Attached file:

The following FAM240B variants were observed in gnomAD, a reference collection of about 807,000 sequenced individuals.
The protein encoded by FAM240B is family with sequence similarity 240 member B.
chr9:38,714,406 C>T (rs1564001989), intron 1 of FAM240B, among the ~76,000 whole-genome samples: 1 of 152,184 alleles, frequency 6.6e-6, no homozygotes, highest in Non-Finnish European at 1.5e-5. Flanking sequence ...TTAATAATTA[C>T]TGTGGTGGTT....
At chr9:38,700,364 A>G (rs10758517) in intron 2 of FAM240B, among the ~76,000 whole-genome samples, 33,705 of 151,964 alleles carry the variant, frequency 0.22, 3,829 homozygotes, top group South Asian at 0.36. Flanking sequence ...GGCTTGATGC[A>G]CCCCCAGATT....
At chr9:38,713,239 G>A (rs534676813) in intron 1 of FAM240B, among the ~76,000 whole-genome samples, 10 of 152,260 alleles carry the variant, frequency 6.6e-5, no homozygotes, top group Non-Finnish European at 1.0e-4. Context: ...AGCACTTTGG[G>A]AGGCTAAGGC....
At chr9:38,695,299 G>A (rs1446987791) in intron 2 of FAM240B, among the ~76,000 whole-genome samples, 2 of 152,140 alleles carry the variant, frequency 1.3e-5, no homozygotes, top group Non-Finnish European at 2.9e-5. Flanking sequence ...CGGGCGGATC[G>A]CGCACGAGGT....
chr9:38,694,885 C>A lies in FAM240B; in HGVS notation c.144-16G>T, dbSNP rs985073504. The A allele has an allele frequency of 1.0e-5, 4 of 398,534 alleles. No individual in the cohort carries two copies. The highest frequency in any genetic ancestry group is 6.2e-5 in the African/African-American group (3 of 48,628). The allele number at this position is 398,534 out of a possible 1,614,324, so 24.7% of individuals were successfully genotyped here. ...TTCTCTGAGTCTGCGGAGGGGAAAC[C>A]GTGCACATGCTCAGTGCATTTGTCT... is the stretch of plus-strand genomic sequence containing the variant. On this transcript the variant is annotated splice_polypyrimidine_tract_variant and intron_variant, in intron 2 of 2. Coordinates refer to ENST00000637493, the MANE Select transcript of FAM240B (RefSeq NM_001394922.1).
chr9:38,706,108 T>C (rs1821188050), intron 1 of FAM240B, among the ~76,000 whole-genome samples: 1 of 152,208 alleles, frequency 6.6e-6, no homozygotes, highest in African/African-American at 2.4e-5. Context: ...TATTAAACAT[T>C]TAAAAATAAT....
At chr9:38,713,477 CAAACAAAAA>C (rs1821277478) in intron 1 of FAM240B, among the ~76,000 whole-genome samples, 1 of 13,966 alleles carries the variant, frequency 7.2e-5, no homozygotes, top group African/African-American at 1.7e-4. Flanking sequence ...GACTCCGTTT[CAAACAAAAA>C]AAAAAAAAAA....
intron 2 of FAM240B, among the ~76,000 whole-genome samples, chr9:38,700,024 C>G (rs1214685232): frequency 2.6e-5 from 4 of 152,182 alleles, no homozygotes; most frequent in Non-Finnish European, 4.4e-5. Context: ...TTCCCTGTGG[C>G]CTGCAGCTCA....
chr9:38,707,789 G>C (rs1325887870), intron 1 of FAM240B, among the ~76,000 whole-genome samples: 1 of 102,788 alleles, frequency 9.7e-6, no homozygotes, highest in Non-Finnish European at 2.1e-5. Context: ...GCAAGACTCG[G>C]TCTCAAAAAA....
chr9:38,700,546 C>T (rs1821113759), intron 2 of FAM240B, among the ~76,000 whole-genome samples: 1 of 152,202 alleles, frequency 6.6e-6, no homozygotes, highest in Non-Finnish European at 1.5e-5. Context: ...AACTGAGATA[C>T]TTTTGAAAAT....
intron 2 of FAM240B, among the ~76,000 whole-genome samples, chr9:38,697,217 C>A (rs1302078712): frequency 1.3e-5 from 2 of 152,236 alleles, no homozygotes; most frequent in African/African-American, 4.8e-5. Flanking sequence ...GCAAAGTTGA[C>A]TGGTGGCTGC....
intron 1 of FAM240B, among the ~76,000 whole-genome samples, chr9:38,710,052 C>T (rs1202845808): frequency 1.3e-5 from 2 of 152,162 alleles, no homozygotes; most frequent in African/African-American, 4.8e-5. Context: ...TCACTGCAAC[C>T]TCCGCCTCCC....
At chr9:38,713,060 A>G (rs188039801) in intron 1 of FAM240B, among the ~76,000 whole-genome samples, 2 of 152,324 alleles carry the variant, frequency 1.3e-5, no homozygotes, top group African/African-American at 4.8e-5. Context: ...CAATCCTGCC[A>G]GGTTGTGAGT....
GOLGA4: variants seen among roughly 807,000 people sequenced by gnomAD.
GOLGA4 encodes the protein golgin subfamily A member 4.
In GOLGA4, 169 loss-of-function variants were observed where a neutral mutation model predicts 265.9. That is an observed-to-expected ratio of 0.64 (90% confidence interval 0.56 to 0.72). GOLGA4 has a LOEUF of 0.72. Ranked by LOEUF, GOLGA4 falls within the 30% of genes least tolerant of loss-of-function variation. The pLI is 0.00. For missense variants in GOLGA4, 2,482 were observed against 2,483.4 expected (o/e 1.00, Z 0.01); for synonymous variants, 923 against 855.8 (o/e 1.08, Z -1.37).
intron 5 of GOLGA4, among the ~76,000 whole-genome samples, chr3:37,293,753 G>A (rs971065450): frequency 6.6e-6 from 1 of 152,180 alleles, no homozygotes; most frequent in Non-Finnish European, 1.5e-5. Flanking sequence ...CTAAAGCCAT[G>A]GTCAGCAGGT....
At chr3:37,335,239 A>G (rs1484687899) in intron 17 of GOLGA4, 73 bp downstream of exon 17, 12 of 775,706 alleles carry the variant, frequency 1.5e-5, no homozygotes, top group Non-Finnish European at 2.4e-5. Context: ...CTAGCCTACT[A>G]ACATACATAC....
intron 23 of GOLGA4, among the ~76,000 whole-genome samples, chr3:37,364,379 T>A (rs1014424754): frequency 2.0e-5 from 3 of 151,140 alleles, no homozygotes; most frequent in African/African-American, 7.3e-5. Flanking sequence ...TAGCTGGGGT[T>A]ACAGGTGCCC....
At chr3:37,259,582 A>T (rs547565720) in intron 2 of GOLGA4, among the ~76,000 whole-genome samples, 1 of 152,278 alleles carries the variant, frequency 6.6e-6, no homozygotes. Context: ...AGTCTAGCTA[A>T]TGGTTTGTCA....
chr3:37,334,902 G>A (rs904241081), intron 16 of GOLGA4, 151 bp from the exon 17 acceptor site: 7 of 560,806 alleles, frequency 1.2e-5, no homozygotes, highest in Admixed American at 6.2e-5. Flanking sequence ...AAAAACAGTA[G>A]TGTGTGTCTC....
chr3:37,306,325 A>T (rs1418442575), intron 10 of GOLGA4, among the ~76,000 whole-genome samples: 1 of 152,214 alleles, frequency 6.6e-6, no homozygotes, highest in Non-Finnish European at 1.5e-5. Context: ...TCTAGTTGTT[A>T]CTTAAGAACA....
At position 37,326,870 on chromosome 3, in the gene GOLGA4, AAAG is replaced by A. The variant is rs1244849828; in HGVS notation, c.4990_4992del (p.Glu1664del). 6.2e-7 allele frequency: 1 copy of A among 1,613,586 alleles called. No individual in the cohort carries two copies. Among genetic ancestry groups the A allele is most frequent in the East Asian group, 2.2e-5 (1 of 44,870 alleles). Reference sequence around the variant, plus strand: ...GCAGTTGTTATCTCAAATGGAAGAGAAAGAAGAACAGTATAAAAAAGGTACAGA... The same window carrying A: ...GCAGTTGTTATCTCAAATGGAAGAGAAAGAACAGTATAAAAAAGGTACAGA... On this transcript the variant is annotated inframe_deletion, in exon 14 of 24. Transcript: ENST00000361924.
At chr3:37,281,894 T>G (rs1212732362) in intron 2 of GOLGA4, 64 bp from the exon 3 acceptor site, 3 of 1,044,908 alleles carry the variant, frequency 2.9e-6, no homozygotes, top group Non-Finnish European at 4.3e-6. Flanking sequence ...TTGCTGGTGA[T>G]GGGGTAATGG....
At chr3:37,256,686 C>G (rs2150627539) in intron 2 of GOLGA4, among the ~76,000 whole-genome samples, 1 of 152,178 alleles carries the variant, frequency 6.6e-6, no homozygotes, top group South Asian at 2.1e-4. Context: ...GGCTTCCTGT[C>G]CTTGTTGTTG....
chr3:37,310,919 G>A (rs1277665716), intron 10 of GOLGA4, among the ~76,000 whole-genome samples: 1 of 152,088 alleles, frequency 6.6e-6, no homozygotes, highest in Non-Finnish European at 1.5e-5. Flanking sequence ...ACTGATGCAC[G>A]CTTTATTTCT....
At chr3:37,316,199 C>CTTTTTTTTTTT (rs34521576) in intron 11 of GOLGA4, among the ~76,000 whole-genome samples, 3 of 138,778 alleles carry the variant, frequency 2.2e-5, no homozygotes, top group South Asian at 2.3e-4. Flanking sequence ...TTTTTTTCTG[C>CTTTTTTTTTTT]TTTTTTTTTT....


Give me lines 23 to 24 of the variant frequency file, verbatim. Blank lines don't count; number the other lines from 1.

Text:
chr3:37,334,902 G>A (rs904241081), intron 16 of GOLGA4, 151 bp from the exon 17 acceptor site: 7 of 560,806 alleles, frequency 1.2e-5, no homozygotes, highest in Admixed American at 6.2e-5. Flanking sequence ...AAAAACAGTA[G>A]TGTGTGTCTC....
chr3:37,306,325 A>T (rs1418442575), intron 10 of GOLGA4, among the ~76,000 whole-genome samples: 1 of 152,214 alleles, frequency 6.6e-6, no homozygotes, highest in Non-Finnish European at 1.5e-5. Context: ...TCTAGTTGTT[A>T]CTTAAGAACA....